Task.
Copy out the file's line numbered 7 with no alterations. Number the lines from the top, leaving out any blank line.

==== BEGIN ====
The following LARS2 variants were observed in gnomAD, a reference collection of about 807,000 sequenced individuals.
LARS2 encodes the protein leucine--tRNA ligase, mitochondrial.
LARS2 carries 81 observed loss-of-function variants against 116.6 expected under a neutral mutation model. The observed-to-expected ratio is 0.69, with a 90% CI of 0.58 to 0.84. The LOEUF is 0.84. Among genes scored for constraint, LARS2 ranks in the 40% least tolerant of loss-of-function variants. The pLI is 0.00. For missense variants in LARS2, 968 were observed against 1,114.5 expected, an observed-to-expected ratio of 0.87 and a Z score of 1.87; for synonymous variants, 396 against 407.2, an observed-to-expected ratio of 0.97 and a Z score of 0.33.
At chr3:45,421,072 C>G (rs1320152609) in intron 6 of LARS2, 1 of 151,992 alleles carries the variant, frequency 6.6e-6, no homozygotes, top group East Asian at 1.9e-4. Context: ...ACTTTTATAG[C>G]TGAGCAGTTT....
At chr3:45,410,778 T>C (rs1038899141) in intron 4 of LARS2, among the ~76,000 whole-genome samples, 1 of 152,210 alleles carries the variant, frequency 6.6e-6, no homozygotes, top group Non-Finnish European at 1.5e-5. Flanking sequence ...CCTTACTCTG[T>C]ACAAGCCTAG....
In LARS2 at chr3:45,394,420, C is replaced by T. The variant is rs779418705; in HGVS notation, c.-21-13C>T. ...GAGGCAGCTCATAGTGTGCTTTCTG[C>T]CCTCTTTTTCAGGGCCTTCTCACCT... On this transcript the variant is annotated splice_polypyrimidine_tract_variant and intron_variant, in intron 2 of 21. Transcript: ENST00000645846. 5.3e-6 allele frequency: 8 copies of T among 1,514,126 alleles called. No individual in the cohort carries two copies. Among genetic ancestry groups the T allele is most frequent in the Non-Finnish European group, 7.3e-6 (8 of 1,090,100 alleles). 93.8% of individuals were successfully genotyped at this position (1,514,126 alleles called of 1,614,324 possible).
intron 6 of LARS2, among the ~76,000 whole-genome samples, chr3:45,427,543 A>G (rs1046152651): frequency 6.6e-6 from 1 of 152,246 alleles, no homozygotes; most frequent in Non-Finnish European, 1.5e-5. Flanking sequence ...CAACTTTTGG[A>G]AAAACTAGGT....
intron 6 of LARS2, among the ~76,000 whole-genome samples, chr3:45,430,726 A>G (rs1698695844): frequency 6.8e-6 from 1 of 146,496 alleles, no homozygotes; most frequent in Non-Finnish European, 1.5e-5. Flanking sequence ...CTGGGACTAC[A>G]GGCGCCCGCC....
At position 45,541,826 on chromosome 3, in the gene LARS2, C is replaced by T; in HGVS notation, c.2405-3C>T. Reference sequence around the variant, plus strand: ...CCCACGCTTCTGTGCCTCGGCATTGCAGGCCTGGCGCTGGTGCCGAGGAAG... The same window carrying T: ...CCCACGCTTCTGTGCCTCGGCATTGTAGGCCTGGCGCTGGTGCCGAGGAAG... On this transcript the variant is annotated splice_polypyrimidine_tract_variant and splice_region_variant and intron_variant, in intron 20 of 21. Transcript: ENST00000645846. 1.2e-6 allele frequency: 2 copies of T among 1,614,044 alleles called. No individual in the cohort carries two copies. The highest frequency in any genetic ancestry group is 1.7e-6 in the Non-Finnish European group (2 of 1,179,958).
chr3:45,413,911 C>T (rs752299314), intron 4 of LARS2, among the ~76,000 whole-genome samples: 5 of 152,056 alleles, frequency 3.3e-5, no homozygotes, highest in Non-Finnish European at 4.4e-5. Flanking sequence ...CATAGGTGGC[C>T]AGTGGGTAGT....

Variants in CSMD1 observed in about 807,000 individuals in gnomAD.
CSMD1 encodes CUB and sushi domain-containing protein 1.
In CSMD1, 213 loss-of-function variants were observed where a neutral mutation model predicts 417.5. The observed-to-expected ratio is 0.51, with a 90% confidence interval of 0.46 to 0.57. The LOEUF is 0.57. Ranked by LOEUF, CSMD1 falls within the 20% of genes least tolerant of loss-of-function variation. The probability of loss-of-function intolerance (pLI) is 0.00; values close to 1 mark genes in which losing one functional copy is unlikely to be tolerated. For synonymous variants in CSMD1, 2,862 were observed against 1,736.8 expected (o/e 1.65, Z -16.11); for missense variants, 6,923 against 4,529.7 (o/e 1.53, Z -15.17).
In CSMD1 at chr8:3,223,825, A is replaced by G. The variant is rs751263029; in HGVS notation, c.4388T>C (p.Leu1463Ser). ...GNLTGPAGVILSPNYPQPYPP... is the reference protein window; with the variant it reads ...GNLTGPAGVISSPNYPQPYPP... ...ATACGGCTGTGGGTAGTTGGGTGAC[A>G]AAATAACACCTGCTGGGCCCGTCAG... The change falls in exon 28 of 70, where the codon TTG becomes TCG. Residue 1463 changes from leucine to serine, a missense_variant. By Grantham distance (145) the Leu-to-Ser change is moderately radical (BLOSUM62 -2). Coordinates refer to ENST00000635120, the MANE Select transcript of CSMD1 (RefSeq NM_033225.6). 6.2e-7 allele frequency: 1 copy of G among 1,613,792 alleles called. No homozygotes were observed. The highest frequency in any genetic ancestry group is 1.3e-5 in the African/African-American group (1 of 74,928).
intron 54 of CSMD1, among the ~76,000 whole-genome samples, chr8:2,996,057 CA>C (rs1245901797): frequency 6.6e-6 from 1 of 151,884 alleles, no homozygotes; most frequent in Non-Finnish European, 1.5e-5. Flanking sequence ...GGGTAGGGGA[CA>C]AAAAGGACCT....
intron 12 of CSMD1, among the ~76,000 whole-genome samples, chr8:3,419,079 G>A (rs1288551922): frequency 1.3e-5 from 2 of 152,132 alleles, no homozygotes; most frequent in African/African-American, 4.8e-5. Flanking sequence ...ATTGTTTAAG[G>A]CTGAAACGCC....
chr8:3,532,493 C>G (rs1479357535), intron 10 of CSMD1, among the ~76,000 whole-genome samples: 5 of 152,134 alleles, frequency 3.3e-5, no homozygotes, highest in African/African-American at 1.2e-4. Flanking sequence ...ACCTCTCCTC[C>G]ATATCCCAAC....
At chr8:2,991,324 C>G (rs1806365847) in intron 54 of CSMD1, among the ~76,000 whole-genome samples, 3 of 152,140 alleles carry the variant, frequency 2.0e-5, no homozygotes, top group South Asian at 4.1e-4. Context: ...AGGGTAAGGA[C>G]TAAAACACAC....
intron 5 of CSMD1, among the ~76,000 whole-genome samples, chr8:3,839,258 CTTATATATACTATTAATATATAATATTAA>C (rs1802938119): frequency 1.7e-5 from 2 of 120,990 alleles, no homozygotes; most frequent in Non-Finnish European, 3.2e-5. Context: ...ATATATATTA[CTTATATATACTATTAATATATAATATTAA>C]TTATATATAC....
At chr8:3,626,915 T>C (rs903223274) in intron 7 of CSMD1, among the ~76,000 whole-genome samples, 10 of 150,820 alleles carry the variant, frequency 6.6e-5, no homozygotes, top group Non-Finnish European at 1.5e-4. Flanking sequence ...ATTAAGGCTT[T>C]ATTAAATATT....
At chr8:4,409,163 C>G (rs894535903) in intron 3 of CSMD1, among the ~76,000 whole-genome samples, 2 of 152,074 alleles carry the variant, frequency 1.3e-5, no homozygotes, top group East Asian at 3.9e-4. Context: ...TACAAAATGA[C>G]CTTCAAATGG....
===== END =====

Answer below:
intron 6 of LARS2, among the ~76,000 whole-genome samples, chr3:45,427,543 A>G (rs1046152651): frequency 6.6e-6 from 1 of 152,246 alleles, no homozygotes; most frequent in Non-Finnish European, 1.5e-5. Flanking sequence ...CAACTTTTGG[A>G]AAAACTAGGT....